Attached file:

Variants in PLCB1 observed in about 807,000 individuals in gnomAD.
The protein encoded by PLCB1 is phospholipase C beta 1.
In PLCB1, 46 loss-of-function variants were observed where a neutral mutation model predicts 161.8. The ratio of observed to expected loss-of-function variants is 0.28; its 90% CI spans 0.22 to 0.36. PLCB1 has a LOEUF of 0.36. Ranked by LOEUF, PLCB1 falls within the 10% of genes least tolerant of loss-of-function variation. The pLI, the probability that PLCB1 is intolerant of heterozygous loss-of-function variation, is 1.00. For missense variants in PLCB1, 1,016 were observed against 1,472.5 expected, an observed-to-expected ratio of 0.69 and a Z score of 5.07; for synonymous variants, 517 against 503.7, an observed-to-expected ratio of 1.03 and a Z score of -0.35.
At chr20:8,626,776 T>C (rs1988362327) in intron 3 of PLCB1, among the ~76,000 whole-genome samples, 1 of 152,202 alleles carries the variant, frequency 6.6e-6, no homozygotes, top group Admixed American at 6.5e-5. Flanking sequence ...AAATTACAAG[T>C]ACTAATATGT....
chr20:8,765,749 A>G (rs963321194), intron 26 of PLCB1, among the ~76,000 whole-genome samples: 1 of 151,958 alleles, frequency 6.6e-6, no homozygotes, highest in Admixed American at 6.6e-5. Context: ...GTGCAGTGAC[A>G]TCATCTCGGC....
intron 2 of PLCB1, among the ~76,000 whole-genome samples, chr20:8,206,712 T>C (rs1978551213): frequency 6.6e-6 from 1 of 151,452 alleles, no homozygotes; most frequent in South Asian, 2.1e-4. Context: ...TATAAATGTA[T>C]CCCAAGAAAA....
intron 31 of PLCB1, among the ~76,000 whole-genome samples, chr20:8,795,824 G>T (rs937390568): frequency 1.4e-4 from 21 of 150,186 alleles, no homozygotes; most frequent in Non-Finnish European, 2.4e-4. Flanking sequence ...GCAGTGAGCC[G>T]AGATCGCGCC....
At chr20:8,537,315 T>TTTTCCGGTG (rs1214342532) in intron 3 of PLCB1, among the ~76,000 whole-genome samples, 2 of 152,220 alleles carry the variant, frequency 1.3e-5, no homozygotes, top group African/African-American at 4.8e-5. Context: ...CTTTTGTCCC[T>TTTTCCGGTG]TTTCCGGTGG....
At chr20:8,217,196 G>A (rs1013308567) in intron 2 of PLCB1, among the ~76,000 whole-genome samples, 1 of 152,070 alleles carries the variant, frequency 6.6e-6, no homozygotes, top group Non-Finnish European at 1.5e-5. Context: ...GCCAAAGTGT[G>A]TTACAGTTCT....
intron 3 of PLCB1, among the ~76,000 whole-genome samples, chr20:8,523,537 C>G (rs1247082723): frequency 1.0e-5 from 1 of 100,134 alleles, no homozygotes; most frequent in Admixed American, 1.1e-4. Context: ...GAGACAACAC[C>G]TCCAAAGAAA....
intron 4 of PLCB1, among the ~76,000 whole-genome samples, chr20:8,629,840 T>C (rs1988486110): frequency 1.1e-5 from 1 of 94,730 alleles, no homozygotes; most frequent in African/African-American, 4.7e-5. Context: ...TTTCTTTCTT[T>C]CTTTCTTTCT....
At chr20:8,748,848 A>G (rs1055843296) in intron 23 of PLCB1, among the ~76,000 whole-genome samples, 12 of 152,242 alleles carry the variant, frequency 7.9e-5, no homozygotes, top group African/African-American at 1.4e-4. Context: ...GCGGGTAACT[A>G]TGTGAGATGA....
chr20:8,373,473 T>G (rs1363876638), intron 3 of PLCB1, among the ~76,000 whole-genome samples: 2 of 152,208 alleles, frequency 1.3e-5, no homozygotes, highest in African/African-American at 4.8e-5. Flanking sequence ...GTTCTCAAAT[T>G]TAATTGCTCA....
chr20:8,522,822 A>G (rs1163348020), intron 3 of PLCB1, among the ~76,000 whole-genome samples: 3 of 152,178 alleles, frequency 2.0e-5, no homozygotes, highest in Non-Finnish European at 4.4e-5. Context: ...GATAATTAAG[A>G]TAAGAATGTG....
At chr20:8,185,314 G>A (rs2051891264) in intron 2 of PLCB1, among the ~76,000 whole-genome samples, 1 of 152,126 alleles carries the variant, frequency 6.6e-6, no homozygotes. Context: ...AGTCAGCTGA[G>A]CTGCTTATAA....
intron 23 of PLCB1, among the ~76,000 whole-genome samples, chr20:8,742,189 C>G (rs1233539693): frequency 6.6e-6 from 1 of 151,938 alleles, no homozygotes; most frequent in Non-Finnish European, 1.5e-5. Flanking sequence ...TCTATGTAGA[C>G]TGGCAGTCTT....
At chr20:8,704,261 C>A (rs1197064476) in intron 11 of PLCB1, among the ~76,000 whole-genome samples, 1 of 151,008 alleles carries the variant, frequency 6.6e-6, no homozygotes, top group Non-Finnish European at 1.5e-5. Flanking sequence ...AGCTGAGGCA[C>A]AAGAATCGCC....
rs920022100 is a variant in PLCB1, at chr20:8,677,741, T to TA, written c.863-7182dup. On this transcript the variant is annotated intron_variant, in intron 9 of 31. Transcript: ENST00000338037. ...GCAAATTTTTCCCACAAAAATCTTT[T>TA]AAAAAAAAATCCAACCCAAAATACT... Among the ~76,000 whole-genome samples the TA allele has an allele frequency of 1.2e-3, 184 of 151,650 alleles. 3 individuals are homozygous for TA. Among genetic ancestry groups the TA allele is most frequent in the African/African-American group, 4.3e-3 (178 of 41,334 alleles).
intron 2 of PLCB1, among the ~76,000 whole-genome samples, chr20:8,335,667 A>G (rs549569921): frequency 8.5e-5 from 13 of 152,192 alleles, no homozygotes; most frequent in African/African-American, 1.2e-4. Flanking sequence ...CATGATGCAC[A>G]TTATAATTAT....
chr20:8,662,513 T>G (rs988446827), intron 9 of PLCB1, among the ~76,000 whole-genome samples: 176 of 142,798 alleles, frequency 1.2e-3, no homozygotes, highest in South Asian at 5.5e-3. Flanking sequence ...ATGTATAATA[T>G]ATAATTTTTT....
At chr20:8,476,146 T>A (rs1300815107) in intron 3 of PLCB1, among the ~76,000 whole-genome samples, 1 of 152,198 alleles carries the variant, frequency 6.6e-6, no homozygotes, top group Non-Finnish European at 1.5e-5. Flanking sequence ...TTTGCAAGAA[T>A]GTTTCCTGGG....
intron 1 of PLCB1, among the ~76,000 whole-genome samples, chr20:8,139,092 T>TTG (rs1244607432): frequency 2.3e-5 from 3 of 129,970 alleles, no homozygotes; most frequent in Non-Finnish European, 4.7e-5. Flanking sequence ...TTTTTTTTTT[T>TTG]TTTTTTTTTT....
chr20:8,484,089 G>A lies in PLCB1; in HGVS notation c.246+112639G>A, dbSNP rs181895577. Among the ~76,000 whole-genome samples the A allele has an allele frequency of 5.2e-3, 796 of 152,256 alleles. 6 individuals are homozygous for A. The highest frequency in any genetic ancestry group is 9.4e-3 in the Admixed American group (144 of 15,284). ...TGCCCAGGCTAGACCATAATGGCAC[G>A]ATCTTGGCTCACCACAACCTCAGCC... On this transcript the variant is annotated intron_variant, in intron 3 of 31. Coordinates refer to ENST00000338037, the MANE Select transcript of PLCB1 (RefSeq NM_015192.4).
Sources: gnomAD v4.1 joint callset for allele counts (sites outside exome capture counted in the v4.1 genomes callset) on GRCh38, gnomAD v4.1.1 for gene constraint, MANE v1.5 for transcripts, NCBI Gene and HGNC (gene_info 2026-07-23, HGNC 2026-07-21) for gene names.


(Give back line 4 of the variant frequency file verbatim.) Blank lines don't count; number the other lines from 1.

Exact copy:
At chr20:8,626,776 T>C (rs1988362327) in intron 3 of PLCB1, among the ~76,000 whole-genome samples, 1 of 152,202 alleles carries the variant, frequency 6.6e-6, no homozygotes, top group Admixed American at 6.5e-5. Flanking sequence ...AAATTACAAG[T>C]ACTAATATGT....